3
$\begingroup$

Let's say I would like to use an EKF to track the position of a moving robot. The EKF would not only estimate the position itself but also variables affecting the position estimate, for example IMU biases, wheel radius, wheel slip and so on.

My question is, is it better to use one big EKF (state vector containing all estimated variables) or multiple smaller EKFs (each one responsible for tracking a subset of all variables to be estimated)? Or is there no difference?

As for the example above, the EKF could be split into one for tracking position, one for estimating wheel radius and slip and one for estimating IMU biases. The position EKF would of course use the estimations output from the other concurrent EKFs and vice versa.

To me it seems it would be easier to tune and test multiple smaller EKFs rather than just one big. Are there any other advantages/disadvantages (execution time, ease of debugging etc.) assuming the resulting estimates are equal in the two approaches (or close enough at least)?

Thanks, Michael

$\endgroup$
1
$\begingroup$

Unless there is some cross-channel noise, like a motor power line causing noise on some sensor signal line, then it won't matter if you do one large filter or a series of small filters because the noise covariance matrix and other matrices should all be block diagonal matrices.

As mentioned in this post over at the DSP stack exchange:

In general though your Q matrix will be full, not a diagonal, because there is correlation between the state variables. For example, suppose you are tracking position and velocity in x-axis for a car. Process noise (which Q is modelling) might be things like wind, bumps in the road, and so on. If there is a change in velocity due to this noise, there will also be a change in position. They are correlated, and so the off-diagonal elements will be non-zero for those terms.

So, while there may be correlation between position and velocity for one motor, there should be no correlation between feedback noise on one motor and feedback noise on the other motor, just like there shouldn't be correlation between motor feedback noise and IMU output, etc.

Given this, the fact that noise should not be correlated across various sensed elements, you are free to break the filter down into sub-sections. There shouldn't be any change in computational speed unless you're working with software highly optimized for matrices (read: Matlab), but even then there shouldn't be a noticeable difference in speed unless you're working with a huge (thousands of elements) matrix.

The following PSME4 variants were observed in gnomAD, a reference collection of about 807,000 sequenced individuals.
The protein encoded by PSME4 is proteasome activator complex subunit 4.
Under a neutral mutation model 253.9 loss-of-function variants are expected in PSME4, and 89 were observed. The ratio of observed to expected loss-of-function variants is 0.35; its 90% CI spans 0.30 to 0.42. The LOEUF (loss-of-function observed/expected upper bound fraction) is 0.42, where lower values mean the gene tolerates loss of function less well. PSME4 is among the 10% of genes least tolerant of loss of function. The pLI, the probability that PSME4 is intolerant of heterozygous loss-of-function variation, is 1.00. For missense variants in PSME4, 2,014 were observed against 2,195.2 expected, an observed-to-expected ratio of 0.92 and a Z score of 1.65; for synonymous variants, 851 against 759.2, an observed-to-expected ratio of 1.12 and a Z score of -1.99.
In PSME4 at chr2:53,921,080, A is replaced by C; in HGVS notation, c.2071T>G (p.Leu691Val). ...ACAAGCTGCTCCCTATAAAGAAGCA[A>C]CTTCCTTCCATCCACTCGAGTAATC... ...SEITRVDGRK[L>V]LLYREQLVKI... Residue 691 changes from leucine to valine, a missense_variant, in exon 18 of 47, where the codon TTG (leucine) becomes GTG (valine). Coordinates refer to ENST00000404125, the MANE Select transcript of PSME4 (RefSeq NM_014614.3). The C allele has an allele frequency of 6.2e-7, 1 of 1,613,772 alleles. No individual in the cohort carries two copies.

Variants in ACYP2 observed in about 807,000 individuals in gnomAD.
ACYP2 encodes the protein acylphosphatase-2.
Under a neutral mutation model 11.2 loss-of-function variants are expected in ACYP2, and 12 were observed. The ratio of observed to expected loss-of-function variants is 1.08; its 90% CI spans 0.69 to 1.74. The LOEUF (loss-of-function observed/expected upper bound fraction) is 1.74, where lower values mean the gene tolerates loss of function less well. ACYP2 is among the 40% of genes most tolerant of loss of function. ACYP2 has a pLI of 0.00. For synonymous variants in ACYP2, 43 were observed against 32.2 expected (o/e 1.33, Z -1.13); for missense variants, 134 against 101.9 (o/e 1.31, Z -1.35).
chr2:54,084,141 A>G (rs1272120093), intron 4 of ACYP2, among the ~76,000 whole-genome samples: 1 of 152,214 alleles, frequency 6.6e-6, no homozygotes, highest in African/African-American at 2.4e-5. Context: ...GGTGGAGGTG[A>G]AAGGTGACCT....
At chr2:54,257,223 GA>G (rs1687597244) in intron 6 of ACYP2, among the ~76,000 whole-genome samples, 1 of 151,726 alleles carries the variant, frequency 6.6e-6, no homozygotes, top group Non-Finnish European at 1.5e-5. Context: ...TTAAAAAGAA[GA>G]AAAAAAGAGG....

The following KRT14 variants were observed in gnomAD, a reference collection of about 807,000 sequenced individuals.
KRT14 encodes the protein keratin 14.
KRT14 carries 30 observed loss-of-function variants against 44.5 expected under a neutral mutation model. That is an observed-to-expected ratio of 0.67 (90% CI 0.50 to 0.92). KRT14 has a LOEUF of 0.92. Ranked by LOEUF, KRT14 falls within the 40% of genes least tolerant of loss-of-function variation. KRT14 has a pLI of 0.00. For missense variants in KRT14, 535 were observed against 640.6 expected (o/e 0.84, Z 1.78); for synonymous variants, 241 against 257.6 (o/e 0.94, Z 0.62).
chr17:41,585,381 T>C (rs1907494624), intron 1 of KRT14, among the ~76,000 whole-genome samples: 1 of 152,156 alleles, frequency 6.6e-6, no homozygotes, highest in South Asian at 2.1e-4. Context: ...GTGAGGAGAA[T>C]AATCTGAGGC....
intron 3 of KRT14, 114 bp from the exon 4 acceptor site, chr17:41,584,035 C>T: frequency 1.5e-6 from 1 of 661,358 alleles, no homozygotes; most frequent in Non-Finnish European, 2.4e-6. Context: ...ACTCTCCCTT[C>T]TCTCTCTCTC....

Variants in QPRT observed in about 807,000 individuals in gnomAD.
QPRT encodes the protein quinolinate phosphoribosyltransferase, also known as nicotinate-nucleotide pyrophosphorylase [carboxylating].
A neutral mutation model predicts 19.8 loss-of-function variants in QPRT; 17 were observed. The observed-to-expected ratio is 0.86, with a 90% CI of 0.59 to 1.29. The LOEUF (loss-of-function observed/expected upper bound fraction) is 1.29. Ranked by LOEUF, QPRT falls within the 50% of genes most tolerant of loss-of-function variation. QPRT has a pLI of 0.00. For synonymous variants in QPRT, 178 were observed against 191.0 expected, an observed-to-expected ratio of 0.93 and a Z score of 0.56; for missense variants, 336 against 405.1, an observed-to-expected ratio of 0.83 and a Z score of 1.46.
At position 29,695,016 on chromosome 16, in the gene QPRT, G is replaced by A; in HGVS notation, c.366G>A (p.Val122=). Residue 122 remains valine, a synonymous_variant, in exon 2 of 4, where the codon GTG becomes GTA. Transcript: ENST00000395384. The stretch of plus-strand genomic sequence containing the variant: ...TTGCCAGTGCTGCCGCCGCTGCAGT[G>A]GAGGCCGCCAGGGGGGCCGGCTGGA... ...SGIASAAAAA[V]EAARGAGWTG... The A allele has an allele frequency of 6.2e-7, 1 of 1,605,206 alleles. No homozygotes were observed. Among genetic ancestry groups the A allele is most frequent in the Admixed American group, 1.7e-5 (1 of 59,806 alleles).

I would break the filter down into subsections just for clarity - you're going to have a bigger issue if you fat-finger or misinterpret a section and you don't notice because you're working with some ridiculous 15x15 matrix or similar.

$\endgroup$
3
  • $\begingroup$ After thinking a bit more about this, is it really enough that the "sensed elements" are uncorrelated? In the "one big EKF" approach, the G matrix (jacobian of prediction) will cause certain off-diagonal elements in the state covariance to be non-zero. As all the state variables being estimated are there to improve the position estimate, will I not lose information by splitting into many smaller EKFs? I could see there would be no difference if the states being estimated are independent. $\endgroup$
    – Isak T.
    Aug 26 '15 at 6:36
  • $\begingroup$ Yes, you are correct. I think I misunderstood your scenario; I read "IMU" and "EKF to track the position" and thought you were after more than just horizontal position. There are a lot of quadcopter IMU questions asked here so I just assumed you'd be moving in some up/down or roll direction too. Anyways, I would say my advice still stands - evaluate your matrices to see if they are arranged in block diagonals, which would indicate independent sub systems. If so, you can split it and I would recommend you do for clarity. If you cannot split them you're stuck with what you have. $\endgroup$
    – Chuck
    Aug 26 '15 at 11:35
  • 1
    $\begingroup$ Thank you for teaching me "fat-finger", gonna start peppering that into technical discussions! XD $\endgroup$ Oct 24 '15 at 20:53

Your Answer

By clicking “Post Your Answer”, you agree to our terms of service, privacy policy and cookie policy

Not the answer you're looking for? Browse other questions tagged or ask your own question.